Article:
But for a new player in 2017, with no prior knowledge, it is simply overwhelming. Without preparation completely separate from the game itself, a newcomer is likely to feel just as crushed and perplexed as I was, hopelessly running around Windurst like a headless chicken, frantically mashing keys just to find out what they did. Reincarnating Dripcloud as a Warrior Hume in San d’Oria did little to help and, after dying multiple times with nothing achieved and three hours wasted, I finally opted to look up some (incredibly helpful) online guides.
Through them, I came to realise how the developers have counteracted the gradual erosion of its user-base and the community therein by implementing ‘Trusts’ – essentially, over-powered NPC summons that serve as your de facto party – and Records of Eminence – glorified check-lists giving players exorbitant amounts of EXP and swag upon completion. The game’s lauded commitment to grindy challenge has been somewhat replaced with an expedited process that compensates for the lack of human players.
Perhaps that’s why playing FFXI feels so desolate. It’s a lonely experience wandering back and forth from San d’Oria, slowly hacking away at beasties while the game lags, watching a lone Elvaan jog back and forth from Home Point to Home Point as the sun sets, rises, sets. The entirely open world, still impressive even now, feels empty and lifeless, and its size only serves to make the player feel tiny and despondent as they grind away at rabbits for 10 EXP a go. It’s not inspiring; it’s disheartening.
Even when I understood how to navigate the game’s endless menus (designed for joypads, not keyboards), how to reach the right quests, how to activate special attacks, how to wreck foes’ day with Trusts, I knew. After I’d logged a paltry eight hours and 24 minutes of pointless busywork, I knew. Frankly, I knew it from the start: The game is as obtuse, slow, boring and soul-sapping as its installation process, and I had nothing to gain from playing it.
Final Fantasy XI is a broken experience. In the 15 years since its 2002 launch, it has been surpassed by its peers, forgotten by its fans and all but replaced by its successor. What remains is a shadow of a sprawl, a ghost world populated almost exclusively by scattered NPCs and over-powered monsters. It’s almost tragic that such a beautiful and fully-realised world, with deeply considered mechanics and design philosophies should be buried beneath these mounting layers of escalating rubbish. But that is what the game has become (if it wasn’t always like that to begin with).
Perhaps it beat me. I didn’t have the constitution, the gumption or the willpower for it. There’s another thing I don’t have for it: Time. Perhaps if I was 14 again and armed with enough time and disposable income to buy a solid gold boat, I’d fall in love with FFXI as so many did in its halcyon days. Private ‘legacy’ servers like Nasomi and Valhalla keep the dream alive for many remaining (or new, naïve and masochistic) players. Elsewhere, the game’s dedicated Reddit page sees old hands waxing nostalgic about Linkshell grinds on runs through the infamous Valkrum Dunes, or exchanging horror stories about the 18 hour superbosses, or pointing fresh players in the right direction.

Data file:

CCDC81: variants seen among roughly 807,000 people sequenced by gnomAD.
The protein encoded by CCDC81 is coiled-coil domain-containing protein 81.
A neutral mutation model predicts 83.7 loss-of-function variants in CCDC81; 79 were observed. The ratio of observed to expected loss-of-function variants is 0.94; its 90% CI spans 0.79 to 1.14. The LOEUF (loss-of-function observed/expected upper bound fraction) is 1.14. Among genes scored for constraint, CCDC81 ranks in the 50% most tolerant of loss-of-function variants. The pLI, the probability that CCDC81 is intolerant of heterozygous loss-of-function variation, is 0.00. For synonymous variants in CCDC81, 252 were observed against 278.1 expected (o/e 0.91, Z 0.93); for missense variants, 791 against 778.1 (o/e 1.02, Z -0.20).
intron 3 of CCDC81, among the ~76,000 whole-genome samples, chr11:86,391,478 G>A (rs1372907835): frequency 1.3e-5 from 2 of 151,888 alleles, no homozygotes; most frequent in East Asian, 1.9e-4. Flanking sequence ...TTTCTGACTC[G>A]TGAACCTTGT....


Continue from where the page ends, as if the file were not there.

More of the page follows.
I can only admire their willingness to overlook (or embrace) the game’s flaws to find a diamond underneath. I can’t take it away from them. Theirs is the kind of communal appreciation so palpable that it’s impossible to diminish with any kind of criticism. My eight hours and 24 minutes is no doubt laughable to them – a veritable teardrop in the ocean – but it’s their ocean. It’s personal.
As miserable as the time I had with Final Fantasy XI was, I can’t bring myself to hate it. Even though I briefly joined Sierra and Alex in their Warcraft sojourn – and almost immediately found myself having a jolly old time – I don’t regret the fleeting hours I spent with Sakaguchi’s EverQuest rip-off. Hating Final Fantasy XI would be denying those players their experience; it would be denying a community their joy and, moreover, it would be denying the design philosophies that empowered it. It’s dated and sluggish and ponderous, certainly. It’s also a relic of a bygone era, one still vaguely worthy of cautious – very, very cautious – investigation.
Next time, in the new year, we look at a game that survived five years of mismanagement, mental breakdowns and a decidedly mixed response to become a re-appraised darling over a decade later: Final Fantasy XII.